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Your “primal world beliefs”—what kind of world you think you live in—can powerfully influence your wellbeing, your work, and much more. But you can choose what to believe.

Director of the Penn Primals Project | Senior Research Scientist at the Penn Positive Psychology Center

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What are Primal World Beliefs? (5:13)

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Jer Clifton Explains His Research on Primals (3:32)

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We all share the same world, but do we all see it the same way? Dr. Jer Clifton says that our “primal world beliefs”—how we perceive the world as a whole—may dramatically affect our wellbeing, our relationships, our work, and virtually every other realm of our lives. For example, if we perceive the world as being a dangerous place, we are less able to trust and work with others. But when we perceive it as a safe place instead, our mental health can skyrocket. Widely considered the world’s leading expert on this vital and emerging field, Jer has identified 26 primals that shape us in powerful ways. And because these views actually have little to do with the circumstances we face, we’re free to choose what we want to believe. In talks, Jer reveals how understanding how we really see the world can help us understand others better, communicate better, and boost our own success and wellbeing.

If all your problems went away right now, would you be happy? Probably at first, says Dr. Jeremy “Jer” Clifton. But it turns out that in the long term, happiness has much more to do with how we perceive the world than what the world is actually like. Jer is the Director of the Primals Project at the University of Pennsylvania and Senior Research Scientist at the Penn Positive Psychology Center. He’s been featured on Hidden Brain, where he unpacked the deep implications of primals for everyday life, and has scientifically validated a survey with his team so you can identify your own primal world beliefs and find out how you compare to the national average.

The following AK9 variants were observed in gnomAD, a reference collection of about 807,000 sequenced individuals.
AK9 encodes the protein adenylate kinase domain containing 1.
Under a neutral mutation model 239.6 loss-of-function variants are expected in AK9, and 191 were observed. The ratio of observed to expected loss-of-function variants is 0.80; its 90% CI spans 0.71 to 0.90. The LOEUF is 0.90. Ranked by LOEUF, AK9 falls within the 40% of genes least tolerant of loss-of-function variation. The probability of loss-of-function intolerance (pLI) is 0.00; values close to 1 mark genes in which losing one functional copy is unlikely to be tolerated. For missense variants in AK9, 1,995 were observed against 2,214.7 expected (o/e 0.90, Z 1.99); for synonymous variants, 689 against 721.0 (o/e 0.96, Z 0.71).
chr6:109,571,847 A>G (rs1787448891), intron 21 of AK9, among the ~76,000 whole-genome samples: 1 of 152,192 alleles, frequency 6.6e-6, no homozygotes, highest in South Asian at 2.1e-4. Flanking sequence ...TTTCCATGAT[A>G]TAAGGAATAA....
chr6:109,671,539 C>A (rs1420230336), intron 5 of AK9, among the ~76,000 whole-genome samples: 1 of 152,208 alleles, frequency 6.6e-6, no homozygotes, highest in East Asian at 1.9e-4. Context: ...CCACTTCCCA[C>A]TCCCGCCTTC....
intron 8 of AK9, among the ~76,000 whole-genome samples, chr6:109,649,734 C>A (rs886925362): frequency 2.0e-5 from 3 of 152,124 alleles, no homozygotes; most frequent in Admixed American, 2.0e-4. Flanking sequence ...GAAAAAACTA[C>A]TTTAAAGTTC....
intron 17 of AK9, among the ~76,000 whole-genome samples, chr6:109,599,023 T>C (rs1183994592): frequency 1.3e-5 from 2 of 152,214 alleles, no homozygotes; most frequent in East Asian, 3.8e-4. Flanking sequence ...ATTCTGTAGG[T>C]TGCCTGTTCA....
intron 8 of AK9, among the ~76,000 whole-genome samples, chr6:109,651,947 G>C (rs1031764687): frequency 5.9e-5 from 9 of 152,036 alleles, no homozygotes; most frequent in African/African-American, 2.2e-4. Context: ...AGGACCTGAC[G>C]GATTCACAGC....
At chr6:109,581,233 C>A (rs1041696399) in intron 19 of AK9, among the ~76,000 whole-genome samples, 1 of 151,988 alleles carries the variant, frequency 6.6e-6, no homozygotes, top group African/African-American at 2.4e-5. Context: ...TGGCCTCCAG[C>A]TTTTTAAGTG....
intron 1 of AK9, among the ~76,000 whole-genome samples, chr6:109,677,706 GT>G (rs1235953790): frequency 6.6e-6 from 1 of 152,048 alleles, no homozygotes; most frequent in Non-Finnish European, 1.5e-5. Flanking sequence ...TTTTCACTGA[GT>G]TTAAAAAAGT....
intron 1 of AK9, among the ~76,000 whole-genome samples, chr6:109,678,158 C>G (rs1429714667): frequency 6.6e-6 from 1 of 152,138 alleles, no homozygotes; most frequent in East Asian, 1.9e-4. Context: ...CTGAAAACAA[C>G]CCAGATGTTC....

His pioneering research into primals—alongside some of the world’s top psychologists like Dr. Martin Seligman and Dr. Angela Duckworth—has made him the leading expert in this field. He’s shown that how we see the world is powerfully connected to everything from how happy we are to how successful we are at work. And these beliefs aren’t fixed, he says. Initial evidence suggests that we’re free to choose the ones we want to hold, and how we want to relate to others and the world around us.

With his team of primals researchers, Jer examined 1,700 quotes from 358 of the most influential texts in global human history, conducted focus groups with people from the four major world religions, analyzed 80,000 tweets about the world from a database of over 2 billion tweets, and much more. He found 26 primal beliefs that influence how you see the world—like whether you think it’s worth exploring, abundant, stable, or otherwise. Put together, these beliefs fall under three main beliefs: whether you think the world is safe (vs. dangerous), enticing (vs. dull), and alive (vs. mechanistic). These beliefs are deeply tied to your wellbeing. For example, if you believe the world is dangerous, you’re more likely to have trouble trusting people, see neutral faces as criminals, and suffer from depression—regardless of how much danger you’re actually facing!